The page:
Typical diets recommend less than 150mg of purines per day. Not an easy task when you consider that 3oz of liver could contain over 1000mg. Many complain about these diets, and regularly go through the pain of a swollen knee and other discomforts in order to enjoy their meals. While it may be commendable that they have such strong beliefs and are prepared to suffer for short-term pleasures, it should be understood that gout is not just a painful discomfort and is a medical condition. Without sensible treatment and management, symptoms become worse as time goes on, and risks of tissue, joint and tendon damage are possible. There is also growing concerns that gout can lead to heart failure and some organ failure.
Treatment with medication such as colchicine can be effective if taken as soon as symptoms present. Cochicine will be of little benefit once a gout attack is in progress since the drug is not classed as a painkiller and will not reduce crystal levels in your swollen knee. Once diagnosed with gout, the condition is manageable, and taking tablets on a regular basis will help to prevent symptoms becoming too severe, restricting the buildup of crystals responsible for the pain and swelling involved. Your healthcare provider will recommend the dosage necessary and this should be maintained for optimum effect. Most gout suffers will take pills at most a few times each day (for acute gout disorders) and others will perhaps take a pill every couple of days. The approach adopted will depend on the level of pain experienced and how often you experience discomfort. Other physical issues can cause a swollen knee but if you have not been involved in a contact sport or accident then gout could well be your problem. Seek diagnosis and treatment as soon as possible and your ongoing battle with the condition will be an easier one. Changing your lifestyle and diet may also be necessary but this is a small price to pay for a comfortable life. Self-diagnosis of a swollen knee is pointless and is discouraged. Visit your clinic or healthcare provide immediately. I must note, that you MUST ask your doctor or physician about long term side effects for any medicine taken for gout, you must also be upfront and also inform your doctor what medicine you are currently taking and see if there is a danger of mixing drugs. All drugs are synthetic, they will have many side effects and potential dangers when taking them long term or taking gout drugs when also taking medicine for other conditions. It is up to you to ask the right questions. No one else cares about you except you and your immediate family when it comes to your health.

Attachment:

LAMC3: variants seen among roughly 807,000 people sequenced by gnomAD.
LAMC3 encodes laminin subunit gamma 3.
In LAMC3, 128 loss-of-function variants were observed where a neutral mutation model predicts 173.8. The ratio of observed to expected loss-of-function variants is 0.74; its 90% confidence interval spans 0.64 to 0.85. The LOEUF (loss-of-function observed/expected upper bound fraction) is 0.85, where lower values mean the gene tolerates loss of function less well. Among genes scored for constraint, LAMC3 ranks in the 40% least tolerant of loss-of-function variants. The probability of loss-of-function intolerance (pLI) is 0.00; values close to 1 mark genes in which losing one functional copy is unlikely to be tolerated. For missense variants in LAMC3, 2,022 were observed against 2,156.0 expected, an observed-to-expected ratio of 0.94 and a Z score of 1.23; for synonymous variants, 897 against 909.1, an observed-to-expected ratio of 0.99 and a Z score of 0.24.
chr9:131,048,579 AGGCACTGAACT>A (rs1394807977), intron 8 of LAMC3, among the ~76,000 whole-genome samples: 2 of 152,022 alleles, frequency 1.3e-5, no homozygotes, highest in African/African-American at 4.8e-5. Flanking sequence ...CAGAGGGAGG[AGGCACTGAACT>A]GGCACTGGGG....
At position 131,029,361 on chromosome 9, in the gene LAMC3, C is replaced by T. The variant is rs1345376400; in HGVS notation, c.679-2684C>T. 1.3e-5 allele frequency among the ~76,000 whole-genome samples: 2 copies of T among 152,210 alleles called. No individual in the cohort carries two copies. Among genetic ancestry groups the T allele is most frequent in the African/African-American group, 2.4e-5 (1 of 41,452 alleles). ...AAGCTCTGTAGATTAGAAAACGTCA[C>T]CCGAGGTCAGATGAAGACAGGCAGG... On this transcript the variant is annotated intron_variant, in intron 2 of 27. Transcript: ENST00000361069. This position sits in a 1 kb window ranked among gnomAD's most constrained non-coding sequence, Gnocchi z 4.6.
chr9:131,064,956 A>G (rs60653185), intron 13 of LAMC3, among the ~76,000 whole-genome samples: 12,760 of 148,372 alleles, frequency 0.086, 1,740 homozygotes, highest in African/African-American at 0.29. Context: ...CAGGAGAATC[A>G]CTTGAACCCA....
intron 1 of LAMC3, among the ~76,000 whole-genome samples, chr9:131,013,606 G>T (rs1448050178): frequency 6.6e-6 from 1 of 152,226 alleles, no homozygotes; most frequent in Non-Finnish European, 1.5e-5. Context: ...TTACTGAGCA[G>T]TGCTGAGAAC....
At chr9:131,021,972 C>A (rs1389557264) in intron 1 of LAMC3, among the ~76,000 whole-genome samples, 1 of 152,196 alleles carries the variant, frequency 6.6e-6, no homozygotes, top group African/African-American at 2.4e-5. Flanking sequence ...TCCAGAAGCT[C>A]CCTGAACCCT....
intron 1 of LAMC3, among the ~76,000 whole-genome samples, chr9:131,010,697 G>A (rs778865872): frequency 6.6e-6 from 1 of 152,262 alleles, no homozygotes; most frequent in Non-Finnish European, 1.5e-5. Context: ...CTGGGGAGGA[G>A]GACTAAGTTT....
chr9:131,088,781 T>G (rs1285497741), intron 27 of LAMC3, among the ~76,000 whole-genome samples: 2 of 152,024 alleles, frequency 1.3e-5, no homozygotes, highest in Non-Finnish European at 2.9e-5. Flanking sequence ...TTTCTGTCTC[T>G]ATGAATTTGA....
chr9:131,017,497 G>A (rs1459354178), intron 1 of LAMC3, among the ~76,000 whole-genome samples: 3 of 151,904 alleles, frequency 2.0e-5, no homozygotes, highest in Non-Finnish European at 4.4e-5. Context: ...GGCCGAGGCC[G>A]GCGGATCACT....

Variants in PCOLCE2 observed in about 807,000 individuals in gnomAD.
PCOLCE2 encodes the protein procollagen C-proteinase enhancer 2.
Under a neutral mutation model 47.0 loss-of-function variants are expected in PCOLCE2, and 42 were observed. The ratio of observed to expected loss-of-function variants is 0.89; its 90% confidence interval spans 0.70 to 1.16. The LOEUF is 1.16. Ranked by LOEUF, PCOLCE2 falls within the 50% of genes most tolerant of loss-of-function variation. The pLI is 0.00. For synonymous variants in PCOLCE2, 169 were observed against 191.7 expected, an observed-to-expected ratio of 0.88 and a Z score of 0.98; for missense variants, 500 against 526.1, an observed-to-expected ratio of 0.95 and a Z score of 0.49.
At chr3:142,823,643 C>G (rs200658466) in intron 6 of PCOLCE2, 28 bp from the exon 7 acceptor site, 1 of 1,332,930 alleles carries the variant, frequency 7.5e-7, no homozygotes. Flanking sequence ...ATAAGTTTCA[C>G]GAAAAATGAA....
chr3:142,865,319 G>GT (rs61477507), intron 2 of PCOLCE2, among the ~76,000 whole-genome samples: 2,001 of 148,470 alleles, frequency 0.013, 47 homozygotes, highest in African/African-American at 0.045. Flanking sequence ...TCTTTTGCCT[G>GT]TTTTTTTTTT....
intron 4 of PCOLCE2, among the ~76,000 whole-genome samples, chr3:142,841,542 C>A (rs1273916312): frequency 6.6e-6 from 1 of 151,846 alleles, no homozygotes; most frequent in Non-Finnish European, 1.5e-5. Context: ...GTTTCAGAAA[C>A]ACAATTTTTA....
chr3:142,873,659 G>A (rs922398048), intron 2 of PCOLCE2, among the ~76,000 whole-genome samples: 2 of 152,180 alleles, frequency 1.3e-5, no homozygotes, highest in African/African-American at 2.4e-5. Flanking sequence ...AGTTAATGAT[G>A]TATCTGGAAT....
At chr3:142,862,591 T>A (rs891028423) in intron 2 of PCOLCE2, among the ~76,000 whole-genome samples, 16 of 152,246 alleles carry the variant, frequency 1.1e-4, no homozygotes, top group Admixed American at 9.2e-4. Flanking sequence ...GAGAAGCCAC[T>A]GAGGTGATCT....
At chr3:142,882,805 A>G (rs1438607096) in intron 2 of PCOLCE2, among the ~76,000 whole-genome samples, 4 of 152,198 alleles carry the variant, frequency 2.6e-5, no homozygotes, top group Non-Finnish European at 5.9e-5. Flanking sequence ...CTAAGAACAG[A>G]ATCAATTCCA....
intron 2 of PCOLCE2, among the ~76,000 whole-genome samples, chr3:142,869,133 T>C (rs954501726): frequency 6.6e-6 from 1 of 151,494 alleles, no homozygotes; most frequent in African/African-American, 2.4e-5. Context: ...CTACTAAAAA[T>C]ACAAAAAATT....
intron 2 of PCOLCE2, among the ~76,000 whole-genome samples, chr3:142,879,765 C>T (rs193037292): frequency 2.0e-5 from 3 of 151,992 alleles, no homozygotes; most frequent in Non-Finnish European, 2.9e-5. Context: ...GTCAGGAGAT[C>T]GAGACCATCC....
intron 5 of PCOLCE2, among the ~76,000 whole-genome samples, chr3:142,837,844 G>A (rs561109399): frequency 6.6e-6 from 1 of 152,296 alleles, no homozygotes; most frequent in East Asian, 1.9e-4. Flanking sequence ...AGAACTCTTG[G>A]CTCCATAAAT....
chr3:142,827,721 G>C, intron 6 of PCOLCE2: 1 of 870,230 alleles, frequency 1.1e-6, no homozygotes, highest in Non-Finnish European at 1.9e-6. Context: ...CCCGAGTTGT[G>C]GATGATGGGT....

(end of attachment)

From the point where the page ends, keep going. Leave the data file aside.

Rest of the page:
Jan 22, 18 11:43 PM
I have gout attacks once or twice a year. I had an attack and I was out of Indomethacin. A jerk Dr wouldn't refill over the phone and I had an entire weekend
Jan 22, 18 11:41 PM
As I listen to Dr Becks you tube videos I really believed all he had said. So I bought all that was necessary to use his protocol under the believe that
Jan 22, 18 11:39 PM
I have taken more than 3 pills of 600 mg and I had massive diarrhea... I took even more pills as my swollen right big toe flared up so much that he could